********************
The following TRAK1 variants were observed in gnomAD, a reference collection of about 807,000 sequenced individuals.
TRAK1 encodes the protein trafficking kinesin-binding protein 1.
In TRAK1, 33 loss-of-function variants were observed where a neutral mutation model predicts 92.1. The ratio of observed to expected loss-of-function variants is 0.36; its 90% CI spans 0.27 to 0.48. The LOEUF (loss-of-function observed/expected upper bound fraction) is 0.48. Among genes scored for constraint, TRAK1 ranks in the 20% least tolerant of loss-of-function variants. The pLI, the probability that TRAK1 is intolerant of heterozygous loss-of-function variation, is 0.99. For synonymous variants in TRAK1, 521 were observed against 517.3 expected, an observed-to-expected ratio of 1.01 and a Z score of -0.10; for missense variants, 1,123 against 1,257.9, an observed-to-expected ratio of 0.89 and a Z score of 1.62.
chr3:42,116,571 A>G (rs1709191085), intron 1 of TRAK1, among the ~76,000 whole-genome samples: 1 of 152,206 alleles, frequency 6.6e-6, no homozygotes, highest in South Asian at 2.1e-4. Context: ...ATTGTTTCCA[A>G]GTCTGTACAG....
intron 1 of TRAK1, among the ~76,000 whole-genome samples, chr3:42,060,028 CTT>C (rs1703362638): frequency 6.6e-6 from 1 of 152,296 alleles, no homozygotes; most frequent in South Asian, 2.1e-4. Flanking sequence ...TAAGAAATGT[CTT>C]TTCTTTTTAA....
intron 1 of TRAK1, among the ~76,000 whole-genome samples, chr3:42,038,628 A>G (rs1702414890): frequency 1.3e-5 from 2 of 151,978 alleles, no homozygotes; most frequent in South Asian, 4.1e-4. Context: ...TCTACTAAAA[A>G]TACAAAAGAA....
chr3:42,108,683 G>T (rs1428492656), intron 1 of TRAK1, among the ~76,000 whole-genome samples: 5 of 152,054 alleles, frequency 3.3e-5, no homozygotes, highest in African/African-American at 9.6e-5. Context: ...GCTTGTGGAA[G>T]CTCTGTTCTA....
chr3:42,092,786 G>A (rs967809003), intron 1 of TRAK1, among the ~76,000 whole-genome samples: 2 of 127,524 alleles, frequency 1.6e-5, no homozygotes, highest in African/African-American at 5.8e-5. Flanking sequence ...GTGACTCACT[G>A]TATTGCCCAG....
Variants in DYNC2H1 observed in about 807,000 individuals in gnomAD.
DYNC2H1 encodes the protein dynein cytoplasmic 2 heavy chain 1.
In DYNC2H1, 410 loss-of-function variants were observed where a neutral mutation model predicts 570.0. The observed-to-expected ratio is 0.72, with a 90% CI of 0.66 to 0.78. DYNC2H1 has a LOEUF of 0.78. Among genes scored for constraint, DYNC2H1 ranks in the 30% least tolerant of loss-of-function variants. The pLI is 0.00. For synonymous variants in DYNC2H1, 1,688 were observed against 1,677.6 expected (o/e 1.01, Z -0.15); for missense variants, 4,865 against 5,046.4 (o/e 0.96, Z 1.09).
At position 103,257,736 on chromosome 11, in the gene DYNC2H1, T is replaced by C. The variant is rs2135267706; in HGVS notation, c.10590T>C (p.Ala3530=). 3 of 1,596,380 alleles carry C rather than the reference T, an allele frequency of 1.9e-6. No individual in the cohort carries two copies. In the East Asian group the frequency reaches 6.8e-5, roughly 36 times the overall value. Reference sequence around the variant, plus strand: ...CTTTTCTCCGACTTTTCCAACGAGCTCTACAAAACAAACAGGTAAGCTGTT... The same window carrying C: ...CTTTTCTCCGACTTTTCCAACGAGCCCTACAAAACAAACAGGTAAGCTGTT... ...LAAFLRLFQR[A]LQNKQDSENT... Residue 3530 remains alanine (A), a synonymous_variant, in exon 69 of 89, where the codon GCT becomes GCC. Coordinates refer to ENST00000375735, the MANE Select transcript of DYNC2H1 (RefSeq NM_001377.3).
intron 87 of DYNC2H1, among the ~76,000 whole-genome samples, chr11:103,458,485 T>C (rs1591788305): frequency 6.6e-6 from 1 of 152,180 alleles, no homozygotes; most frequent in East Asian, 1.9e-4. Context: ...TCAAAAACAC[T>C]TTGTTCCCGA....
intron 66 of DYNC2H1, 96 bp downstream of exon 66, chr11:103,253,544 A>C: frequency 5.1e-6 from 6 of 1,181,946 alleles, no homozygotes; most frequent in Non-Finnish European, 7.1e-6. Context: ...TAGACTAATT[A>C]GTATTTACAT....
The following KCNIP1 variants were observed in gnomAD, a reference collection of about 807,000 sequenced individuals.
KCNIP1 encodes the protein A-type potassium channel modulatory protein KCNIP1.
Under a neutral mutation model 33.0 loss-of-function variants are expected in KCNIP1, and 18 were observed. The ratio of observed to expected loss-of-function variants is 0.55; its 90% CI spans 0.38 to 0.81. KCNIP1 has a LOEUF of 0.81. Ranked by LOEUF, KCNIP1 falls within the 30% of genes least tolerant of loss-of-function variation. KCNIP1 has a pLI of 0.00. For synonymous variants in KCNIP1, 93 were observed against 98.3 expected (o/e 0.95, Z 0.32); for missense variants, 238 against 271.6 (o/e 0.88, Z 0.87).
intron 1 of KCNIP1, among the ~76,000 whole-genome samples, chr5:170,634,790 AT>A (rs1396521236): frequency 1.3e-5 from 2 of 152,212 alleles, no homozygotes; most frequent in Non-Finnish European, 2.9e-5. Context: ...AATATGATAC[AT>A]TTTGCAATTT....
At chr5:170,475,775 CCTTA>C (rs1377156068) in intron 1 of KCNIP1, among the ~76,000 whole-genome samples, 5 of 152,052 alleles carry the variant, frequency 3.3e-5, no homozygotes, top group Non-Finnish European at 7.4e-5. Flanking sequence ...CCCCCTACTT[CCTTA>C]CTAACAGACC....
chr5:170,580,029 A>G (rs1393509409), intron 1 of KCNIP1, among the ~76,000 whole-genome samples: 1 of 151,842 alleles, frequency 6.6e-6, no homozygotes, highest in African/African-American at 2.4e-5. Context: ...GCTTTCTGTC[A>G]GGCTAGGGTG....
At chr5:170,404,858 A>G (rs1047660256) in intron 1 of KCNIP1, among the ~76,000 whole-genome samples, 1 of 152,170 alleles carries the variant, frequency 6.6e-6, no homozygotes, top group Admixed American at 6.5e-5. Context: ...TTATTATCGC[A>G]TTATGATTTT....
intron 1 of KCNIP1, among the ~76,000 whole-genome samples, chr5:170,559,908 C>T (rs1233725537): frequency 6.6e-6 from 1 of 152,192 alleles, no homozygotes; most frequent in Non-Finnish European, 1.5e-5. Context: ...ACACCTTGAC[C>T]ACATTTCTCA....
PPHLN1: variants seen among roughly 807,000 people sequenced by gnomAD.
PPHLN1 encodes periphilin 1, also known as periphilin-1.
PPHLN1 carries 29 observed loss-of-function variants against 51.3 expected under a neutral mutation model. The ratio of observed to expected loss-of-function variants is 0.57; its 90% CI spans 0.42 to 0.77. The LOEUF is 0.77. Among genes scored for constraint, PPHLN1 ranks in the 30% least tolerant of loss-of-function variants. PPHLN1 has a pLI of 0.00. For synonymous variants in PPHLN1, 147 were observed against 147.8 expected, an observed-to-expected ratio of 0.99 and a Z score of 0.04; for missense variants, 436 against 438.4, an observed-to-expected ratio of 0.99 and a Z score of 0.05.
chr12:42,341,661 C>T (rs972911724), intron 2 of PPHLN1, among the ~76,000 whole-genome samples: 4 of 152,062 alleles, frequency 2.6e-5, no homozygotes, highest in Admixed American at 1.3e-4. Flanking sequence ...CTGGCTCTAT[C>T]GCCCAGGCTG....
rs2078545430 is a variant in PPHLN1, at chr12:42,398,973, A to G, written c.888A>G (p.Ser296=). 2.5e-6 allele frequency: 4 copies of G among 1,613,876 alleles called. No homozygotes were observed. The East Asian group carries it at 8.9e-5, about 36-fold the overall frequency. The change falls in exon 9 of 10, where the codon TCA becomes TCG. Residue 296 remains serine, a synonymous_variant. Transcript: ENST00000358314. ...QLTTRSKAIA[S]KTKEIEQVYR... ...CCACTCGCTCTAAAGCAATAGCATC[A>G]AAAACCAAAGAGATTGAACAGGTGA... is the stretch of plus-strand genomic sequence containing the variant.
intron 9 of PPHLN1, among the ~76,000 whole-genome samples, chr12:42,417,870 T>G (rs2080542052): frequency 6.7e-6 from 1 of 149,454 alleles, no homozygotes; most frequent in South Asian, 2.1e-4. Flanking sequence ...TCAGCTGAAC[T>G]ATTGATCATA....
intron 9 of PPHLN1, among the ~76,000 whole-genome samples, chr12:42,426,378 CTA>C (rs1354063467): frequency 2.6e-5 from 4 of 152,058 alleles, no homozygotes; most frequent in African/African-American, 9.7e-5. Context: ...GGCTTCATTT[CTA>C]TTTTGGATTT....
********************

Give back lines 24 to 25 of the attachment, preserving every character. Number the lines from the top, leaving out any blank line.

PPHLN1 encodes periphilin 1, also known as periphilin-1.
PPHLN1 carries 29 observed loss-of-function variants against 51.3 expected under a neutral mutation model. The ratio of observed to expected loss-of-function variants is 0.57; its 90% CI spans 0.42 to 0.77. The LOEUF is 0.77. Among genes scored for constraint, PPHLN1 ranks in the 30% least tolerant of loss-of-function variants. PPHLN1 has a pLI of 0.00. For synonymous variants in PPHLN1, 147 were observed against 147.8 expected, an observed-to-expected ratio of 0.99 and a Z score of 0.04; for missense variants, 436 against 438.4, an observed-to-expected ratio of 0.99 and a Z score of 0.05.